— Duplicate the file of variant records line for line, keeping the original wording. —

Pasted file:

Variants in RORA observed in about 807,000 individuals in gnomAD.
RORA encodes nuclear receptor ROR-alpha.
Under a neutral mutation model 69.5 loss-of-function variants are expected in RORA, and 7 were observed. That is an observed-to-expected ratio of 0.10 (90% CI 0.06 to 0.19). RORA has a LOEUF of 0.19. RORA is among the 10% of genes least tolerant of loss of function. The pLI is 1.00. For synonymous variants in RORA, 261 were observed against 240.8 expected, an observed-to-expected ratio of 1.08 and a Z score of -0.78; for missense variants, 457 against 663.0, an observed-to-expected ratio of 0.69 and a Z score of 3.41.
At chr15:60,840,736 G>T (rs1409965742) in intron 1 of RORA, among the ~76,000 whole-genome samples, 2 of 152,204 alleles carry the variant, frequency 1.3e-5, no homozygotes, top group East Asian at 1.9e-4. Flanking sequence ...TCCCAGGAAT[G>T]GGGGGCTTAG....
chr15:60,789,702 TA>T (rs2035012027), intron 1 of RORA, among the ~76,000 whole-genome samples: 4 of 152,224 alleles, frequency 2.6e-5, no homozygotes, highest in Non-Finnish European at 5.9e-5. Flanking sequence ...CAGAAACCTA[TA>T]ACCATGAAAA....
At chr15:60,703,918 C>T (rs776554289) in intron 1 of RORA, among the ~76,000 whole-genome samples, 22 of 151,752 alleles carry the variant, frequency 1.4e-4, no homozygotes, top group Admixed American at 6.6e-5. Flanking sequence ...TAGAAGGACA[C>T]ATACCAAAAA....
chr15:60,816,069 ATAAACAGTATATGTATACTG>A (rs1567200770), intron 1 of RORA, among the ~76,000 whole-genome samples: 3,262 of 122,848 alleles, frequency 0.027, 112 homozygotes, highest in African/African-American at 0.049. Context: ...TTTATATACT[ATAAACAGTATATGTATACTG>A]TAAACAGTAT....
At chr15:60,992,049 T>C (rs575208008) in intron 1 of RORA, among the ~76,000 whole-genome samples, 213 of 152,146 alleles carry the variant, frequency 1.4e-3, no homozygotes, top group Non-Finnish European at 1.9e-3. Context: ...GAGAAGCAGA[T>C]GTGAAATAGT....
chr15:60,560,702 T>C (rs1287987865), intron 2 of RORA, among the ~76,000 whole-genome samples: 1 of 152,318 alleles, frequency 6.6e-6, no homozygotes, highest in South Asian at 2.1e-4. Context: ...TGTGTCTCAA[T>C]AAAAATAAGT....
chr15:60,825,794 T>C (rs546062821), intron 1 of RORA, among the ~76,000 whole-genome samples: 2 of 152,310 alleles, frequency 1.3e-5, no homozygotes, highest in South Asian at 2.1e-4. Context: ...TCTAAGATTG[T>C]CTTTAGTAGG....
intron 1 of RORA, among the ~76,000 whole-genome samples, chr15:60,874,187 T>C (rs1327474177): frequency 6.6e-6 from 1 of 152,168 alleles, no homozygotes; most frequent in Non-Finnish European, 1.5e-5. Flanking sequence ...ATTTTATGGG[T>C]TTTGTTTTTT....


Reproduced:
Variants in RORA observed in about 807,000 individuals in gnomAD.
RORA encodes nuclear receptor ROR-alpha.
Under a neutral mutation model 69.5 loss-of-function variants are expected in RORA, and 7 were observed. That is an observed-to-expected ratio of 0.10 (90% CI 0.06 to 0.19). RORA has a LOEUF of 0.19. RORA is among the 10% of genes least tolerant of loss of function. The pLI is 1.00. For synonymous variants in RORA, 261 were observed against 240.8 expected, an observed-to-expected ratio of 1.08 and a Z score of -0.78; for missense variants, 457 against 663.0, an observed-to-expected ratio of 0.69 and a Z score of 3.41.
At chr15:60,840,736 G>T (rs1409965742) in intron 1 of RORA, among the ~76,000 whole-genome samples, 2 of 152,204 alleles carry the variant, frequency 1.3e-5, no homozygotes, top group East Asian at 1.9e-4. Flanking sequence ...TCCCAGGAAT[G>T]GGGGGCTTAG....
chr15:60,789,702 TA>T (rs2035012027), intron 1 of RORA, among the ~76,000 whole-genome samples: 4 of 152,224 alleles, frequency 2.6e-5, no homozygotes, highest in Non-Finnish European at 5.9e-5. Flanking sequence ...CAGAAACCTA[TA>T]ACCATGAAAA....
At chr15:60,703,918 C>T (rs776554289) in intron 1 of RORA, among the ~76,000 whole-genome samples, 22 of 151,752 alleles carry the variant, frequency 1.4e-4, no homozygotes, top group Admixed American at 6.6e-5. Flanking sequence ...TAGAAGGACA[C>T]ATACCAAAAA....
chr15:60,816,069 ATAAACAGTATATGTATACTG>A (rs1567200770), intron 1 of RORA, among the ~76,000 whole-genome samples: 3,262 of 122,848 alleles, frequency 0.027, 112 homozygotes, highest in African/African-American at 0.049. Context: ...TTTATATACT[ATAAACAGTATATGTATACTG>A]TAAACAGTAT....
At chr15:60,992,049 T>C (rs575208008) in intron 1 of RORA, among the ~76,000 whole-genome samples, 213 of 152,146 alleles carry the variant, frequency 1.4e-3, no homozygotes, top group Non-Finnish European at 1.9e-3. Context: ...GAGAAGCAGA[T>C]GTGAAATAGT....
chr15:60,560,702 T>C (rs1287987865), intron 2 of RORA, among the ~76,000 whole-genome samples: 1 of 152,318 alleles, frequency 6.6e-6, no homozygotes, highest in South Asian at 2.1e-4. Context: ...TGTGTCTCAA[T>C]AAAAATAAGT....
chr15:60,825,794 T>C (rs546062821), intron 1 of RORA, among the ~76,000 whole-genome samples: 2 of 152,310 alleles, frequency 1.3e-5, no homozygotes, highest in South Asian at 2.1e-4. Context: ...TCTAAGATTG[T>C]CTTTAGTAGG....
intron 1 of RORA, among the ~76,000 whole-genome samples, chr15:60,874,187 T>C (rs1327474177): frequency 6.6e-6 from 1 of 152,168 alleles, no homozygotes; most frequent in Non-Finnish European, 1.5e-5. Flanking sequence ...ATTTTATGGG[T>C]TTTGTTTTTT....